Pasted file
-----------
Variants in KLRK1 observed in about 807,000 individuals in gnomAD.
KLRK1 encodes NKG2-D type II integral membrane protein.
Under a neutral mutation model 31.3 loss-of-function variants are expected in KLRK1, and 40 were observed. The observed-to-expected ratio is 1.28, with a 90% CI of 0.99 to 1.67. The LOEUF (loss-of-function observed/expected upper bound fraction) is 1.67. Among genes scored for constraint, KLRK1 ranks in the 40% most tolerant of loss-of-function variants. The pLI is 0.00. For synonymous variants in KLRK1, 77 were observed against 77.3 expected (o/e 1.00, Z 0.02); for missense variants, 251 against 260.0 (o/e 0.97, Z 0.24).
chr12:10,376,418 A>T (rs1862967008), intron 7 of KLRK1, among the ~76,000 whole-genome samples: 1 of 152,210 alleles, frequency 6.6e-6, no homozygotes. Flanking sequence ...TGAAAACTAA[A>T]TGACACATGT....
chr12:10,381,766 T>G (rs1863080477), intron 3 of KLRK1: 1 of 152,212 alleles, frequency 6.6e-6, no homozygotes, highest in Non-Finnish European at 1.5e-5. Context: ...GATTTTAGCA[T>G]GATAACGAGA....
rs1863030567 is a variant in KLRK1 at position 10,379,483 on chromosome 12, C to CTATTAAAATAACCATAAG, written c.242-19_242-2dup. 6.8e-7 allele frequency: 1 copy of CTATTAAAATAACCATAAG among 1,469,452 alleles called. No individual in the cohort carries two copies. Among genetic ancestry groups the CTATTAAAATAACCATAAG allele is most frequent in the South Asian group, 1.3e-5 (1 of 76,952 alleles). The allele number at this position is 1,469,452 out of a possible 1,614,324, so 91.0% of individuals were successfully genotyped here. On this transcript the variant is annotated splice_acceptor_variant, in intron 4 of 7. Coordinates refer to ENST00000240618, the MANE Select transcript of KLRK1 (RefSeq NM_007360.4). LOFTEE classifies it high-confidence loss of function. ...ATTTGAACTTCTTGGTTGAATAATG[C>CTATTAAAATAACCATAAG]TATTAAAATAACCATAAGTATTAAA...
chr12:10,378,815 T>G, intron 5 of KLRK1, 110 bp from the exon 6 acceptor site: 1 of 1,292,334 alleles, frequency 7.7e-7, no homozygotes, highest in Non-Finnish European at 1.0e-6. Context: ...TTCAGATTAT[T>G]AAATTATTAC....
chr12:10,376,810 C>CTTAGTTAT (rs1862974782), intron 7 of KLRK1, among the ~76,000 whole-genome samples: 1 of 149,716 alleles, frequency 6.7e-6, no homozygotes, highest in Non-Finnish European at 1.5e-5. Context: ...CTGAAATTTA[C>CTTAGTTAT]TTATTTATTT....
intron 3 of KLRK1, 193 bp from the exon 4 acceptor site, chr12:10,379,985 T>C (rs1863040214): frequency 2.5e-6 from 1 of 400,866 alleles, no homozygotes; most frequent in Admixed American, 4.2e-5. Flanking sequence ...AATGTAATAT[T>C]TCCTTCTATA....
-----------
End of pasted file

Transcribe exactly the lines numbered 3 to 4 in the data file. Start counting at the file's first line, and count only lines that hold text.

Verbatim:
Under a neutral mutation model 31.3 loss-of-function variants are expected in KLRK1, and 40 were observed. The observed-to-expected ratio is 1.28, with a 90% CI of 0.99 to 1.67. The LOEUF (loss-of-function observed/expected upper bound fraction) is 1.67. Among genes scored for constraint, KLRK1 ranks in the 40% most tolerant of loss-of-function variants. The pLI is 0.00. For synonymous variants in KLRK1, 77 were observed against 77.3 expected (o/e 1.00, Z 0.02); for missense variants, 251 against 260.0 (o/e 0.97, Z 0.24).
chr12:10,376,418 A>T (rs1862967008), intron 7 of KLRK1, among the ~76,000 whole-genome samples: 1 of 152,210 alleles, frequency 6.6e-6, no homozygotes. Flanking sequence ...TGAAAACTAA[A>T]TGACACATGT....